The human need for ritual has been well-documented by anthropologists - and more recently, scientists. It's so strong, that even those who don't attend church tend to gravitate toward activities that involve ritual elements (such as sports) or to create "new traditions."

Yet the Mass, as divine ritual, is so much more than mere human rituals. Imbued with the very person of Jesus Christ, present in the gathered people, the person of the priest, the Word and the Eucharist, the Mass joins us to all times, places and believers, including those in Heaven. In remembering Jesus's Paschal Mystery, we discover its power among us today, and taste its future glory. We hear the words of the one who was, is and always will be the Word. We dine at the Eucharistic banquet along with angels, saints and holy ones gathered at the heavenly banquet.

The Mass is quite simply the Ritual of Rituals. It is the summit, the highest form of solemn ceremony, because its roots are in the words and actions of Jesus and his Apostles. So, when Joe Biden says he found "comfort" in the ritual elements of his faith, it's nothing to sneeze at. The spiritual consolations we receive from the Mass are real and important. They are certainly not the only reason we go to Mass, but they may be, in part, what gets people to repeat their participation.

Joe Biden, like many Catholics, rediscovers his center at the Mass, even while suffering the deep grief of a parent who has lost a child. “I go to Mass, and I’m able to be just alone, even in a crowd,”he said. While this is possibly not fully articulated, he appears to be trying to express the holiness and peace he finds, even while part of the gathered assembly. We are one with God, at the same time we are one with each other. In that, we find our deepest selves.

The Mass affords us all an opportunity to experience the dependable love of God, which like the ritual through which it is expressed, is unchanging. May all Catholics who struggle, like Joe Biden, find their peace and hope in the power of the Mass.

Colbert Opens the Door - Joe Biden Walks Right In: A Catholic Evangelization Moment on National TV

Last night, Stephen Colbert (who is not at all shy about his Catholic faith) conducted an extraordinary interview of Vice President Joe Biden - and Biden, in simple, heartfelt sincerity, shared how his Catholic faith, going to Mass and saying the Rosary, have been instrumental in his emotional survival of the death of his son Beau. It was one of the best Catholic moments on TV.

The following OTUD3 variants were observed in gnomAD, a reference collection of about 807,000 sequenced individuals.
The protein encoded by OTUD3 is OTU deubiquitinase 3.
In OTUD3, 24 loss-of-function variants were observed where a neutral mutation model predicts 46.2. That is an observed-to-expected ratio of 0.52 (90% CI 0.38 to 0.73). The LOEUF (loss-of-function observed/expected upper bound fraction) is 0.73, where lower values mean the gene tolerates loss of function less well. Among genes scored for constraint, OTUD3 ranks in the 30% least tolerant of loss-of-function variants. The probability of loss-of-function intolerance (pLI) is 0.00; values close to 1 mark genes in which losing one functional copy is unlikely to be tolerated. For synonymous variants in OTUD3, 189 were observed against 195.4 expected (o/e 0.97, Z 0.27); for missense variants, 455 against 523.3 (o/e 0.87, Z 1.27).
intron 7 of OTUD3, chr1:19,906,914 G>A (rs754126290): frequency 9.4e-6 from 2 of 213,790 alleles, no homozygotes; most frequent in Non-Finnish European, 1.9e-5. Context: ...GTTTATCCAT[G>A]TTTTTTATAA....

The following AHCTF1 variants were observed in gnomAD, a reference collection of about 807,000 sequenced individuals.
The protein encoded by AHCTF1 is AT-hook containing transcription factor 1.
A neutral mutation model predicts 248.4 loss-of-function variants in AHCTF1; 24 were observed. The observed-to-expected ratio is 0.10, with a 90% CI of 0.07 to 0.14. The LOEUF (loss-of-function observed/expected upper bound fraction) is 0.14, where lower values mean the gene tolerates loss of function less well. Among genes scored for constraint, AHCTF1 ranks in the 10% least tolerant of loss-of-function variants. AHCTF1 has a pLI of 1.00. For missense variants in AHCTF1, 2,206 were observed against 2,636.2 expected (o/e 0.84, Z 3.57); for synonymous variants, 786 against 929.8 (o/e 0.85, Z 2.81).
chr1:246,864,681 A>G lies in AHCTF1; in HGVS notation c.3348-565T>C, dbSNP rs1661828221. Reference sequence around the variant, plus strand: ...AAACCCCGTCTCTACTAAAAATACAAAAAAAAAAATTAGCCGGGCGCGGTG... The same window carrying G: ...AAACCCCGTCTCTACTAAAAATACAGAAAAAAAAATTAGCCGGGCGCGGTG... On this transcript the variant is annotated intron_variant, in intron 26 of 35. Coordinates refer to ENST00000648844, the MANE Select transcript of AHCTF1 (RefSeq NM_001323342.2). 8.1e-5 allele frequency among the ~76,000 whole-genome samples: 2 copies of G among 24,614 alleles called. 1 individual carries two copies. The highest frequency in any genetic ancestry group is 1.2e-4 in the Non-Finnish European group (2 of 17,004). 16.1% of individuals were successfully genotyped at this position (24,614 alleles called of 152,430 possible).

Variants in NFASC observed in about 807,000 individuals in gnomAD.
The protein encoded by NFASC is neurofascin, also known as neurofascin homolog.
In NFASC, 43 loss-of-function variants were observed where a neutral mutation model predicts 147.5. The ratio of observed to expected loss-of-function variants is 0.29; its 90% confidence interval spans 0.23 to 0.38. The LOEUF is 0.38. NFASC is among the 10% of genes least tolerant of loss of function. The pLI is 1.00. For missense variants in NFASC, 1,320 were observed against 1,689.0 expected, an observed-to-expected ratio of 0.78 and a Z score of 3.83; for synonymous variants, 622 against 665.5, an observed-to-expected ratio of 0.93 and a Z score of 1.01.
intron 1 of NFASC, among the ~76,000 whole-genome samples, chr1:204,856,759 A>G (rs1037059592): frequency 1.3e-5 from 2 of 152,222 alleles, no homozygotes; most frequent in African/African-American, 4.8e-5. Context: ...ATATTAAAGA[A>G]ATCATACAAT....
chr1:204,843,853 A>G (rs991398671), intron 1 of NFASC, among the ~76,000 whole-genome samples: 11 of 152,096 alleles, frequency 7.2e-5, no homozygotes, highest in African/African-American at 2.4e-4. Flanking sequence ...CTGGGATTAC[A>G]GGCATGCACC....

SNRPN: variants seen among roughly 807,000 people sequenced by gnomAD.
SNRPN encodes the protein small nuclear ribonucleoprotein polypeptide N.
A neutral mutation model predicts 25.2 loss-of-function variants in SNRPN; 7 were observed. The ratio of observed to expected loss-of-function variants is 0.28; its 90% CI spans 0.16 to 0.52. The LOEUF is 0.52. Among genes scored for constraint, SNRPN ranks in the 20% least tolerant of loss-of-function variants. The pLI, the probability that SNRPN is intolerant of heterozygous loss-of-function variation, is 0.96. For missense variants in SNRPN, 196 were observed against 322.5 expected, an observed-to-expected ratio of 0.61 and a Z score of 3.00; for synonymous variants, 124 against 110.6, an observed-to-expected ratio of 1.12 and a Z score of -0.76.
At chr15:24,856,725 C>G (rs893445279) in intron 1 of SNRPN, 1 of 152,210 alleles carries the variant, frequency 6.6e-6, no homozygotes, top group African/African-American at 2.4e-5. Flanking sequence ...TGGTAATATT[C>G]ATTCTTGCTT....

After some initial small talk, Colbert skillfully navigates the conversation to faith, knowing full well he is speaking to a faithful Catholic man. At this point, the tone of the interview takes on a quality of deep sincerity, as Biden begins by expressing humility and a sense that he is not the only worthy example. After describing briefly the role of his faith, Biden concludes: "So many of the good things of my life have happened around the culture of my religion and the theology of my religion."   Watch it here:

The second half of the interview turns to the role of the Vice President, but again back to navigating the landscape of loss...  the underlying message, however, is a strong testimony to Biden's character, to family, and indirectly, to faith.

All I can say is that this is very powerful stuff, even when sprinkled with the obligatory late-night jokes. These two talked about things that matter last night.

I find myself deeply affected. I hope that The Late Show with Stephen Colbert will provide us with many more such moments where the beauty and value of Catholic faith are lifted up in a positive light. Colbert sits in a position to deliver the message in a unique and powerful way, laced with his trademark humor and fully engaging the world.  This could be one of the most significant Catholic evangelization platforms ever.

Wednesday, September 2, 2015

On the Air

It's been a while since I posted in this space. But don't think I have spent the summer relaxing. That would so not be "me." Actually, I've been busy. Really, really busy.

Yesterday, I was privileged to participate in a stimulating, high-energy interview with my friend and colleague Jonathan Sullivan on liturgical catechesis, in which we spoke of many things, including the importance of how catechists go about encouraging families to participate in the liturgy. You can view it here (Warning: I do tend to "get going.")

This comes at the end of a summer that also included preparing for a national webinar for Liturgy Training Publications on getting families to Mass, and completing a book and teacher's guide for children, grades 3-6 on the Mass. (publication date TBA)

Combine that with a busy summer at work and the usual gearing up at the beginning of the catechetical year, which starts in mid July and will continue until October, I hope you can see why blogging has taken a back seat to other projects. More in this space as I find time and inspiration...